- An important goal in plant community ecology is to understand how species traits determine demographic performance. Several functional traits have been shown to correlate with growth and mortality rates in trees, but less is known about how the relationships between functional traits and demographic rates change with tree size.
- We examined the associations of functional traits with growth and mortality across 43 tree species in the Fushan 25-ha subtropical rain forest plot in northern Taiwan. We estimated the 95th percentile maximum stem diameter, wood density and six leaf functional traits (leaf area, specific leaf area, thickness, succulence, and mass-based nitrogen and phosphorus contents) obtained from leaves on juvenile and adult individuals of each species.
- To quantify size-dependent changes in growth and mortality, relative growth rate (RGR) and mortality were estimated as a function of stem diameter using hierarchical Bayesian models. These rate estimates were then correlated with functional traits at a range of stem diameter classes.
- Relationships between functional traits and demographic rates varied with tree size. Maximum size was positively correlated with RGR across a wide range of tree sizes. Wood density was negatively correlated with RGR and mortality for small-sized trees. Leaf traits such as leaf area and specific leaf area at juvenile and adult stages were associated more strongly with demographic rates for corresponding sizes than from other sizes.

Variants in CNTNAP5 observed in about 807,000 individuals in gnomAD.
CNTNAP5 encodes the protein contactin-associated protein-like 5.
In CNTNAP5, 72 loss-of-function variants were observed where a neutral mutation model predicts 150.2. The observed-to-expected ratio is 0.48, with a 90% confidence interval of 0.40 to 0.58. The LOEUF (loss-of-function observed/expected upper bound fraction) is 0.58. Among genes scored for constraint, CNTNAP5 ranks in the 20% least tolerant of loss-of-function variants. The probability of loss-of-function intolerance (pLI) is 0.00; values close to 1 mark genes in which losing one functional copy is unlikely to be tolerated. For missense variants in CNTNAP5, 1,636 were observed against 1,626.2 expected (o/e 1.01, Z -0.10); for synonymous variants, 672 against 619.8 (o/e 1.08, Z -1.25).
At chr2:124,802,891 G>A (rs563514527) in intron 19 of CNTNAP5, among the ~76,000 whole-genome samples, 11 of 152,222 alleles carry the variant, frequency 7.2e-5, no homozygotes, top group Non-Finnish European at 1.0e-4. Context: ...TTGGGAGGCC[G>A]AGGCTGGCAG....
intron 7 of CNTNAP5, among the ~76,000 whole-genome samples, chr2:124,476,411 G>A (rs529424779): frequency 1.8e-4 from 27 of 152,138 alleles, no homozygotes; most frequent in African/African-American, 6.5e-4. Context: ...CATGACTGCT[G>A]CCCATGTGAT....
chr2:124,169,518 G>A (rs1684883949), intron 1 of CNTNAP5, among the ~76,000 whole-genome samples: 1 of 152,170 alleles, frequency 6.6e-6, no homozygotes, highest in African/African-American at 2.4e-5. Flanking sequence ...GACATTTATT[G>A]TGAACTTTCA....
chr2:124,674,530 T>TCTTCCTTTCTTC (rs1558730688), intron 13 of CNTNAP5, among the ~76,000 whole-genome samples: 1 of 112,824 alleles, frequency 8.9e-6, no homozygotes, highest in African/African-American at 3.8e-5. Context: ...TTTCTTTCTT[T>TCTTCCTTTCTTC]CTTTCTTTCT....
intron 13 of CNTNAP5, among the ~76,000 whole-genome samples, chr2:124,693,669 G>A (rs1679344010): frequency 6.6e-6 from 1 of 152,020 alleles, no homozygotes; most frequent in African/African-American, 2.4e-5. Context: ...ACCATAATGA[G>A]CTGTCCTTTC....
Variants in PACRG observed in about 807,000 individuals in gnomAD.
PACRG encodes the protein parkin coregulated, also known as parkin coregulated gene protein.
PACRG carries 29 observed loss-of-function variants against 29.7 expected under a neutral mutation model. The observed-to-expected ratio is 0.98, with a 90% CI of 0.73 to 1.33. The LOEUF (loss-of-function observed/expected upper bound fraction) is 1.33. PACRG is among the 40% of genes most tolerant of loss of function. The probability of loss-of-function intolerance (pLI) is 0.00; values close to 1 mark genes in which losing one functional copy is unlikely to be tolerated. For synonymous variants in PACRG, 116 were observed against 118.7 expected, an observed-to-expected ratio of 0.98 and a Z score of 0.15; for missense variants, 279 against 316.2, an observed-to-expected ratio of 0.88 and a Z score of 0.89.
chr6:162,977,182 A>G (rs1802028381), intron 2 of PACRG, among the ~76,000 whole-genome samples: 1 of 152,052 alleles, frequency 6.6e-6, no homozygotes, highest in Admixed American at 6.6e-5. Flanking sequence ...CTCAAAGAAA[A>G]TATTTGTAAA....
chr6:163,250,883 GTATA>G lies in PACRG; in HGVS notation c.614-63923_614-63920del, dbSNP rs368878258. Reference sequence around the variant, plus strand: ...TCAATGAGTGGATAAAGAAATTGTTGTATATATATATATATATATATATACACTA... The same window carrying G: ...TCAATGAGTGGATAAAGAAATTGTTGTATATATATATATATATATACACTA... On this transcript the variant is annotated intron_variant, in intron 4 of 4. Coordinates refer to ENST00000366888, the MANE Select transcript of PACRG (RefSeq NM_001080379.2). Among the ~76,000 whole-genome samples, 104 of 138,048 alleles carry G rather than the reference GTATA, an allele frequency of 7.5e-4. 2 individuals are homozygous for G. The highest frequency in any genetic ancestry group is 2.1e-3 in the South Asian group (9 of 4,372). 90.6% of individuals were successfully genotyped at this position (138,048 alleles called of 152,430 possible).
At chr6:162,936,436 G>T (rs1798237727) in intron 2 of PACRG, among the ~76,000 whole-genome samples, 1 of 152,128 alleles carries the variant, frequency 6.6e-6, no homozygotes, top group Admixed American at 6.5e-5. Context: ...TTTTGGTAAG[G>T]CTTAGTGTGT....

- Synthesis. The observed size-dependent changes in the trait–demography relationships are possibly due to the effects of developmental and environmental changes with increasing tree size. The underlying effects of functional traits on demographic performance vary with tree size, and this should influence dynamics in a tree community.
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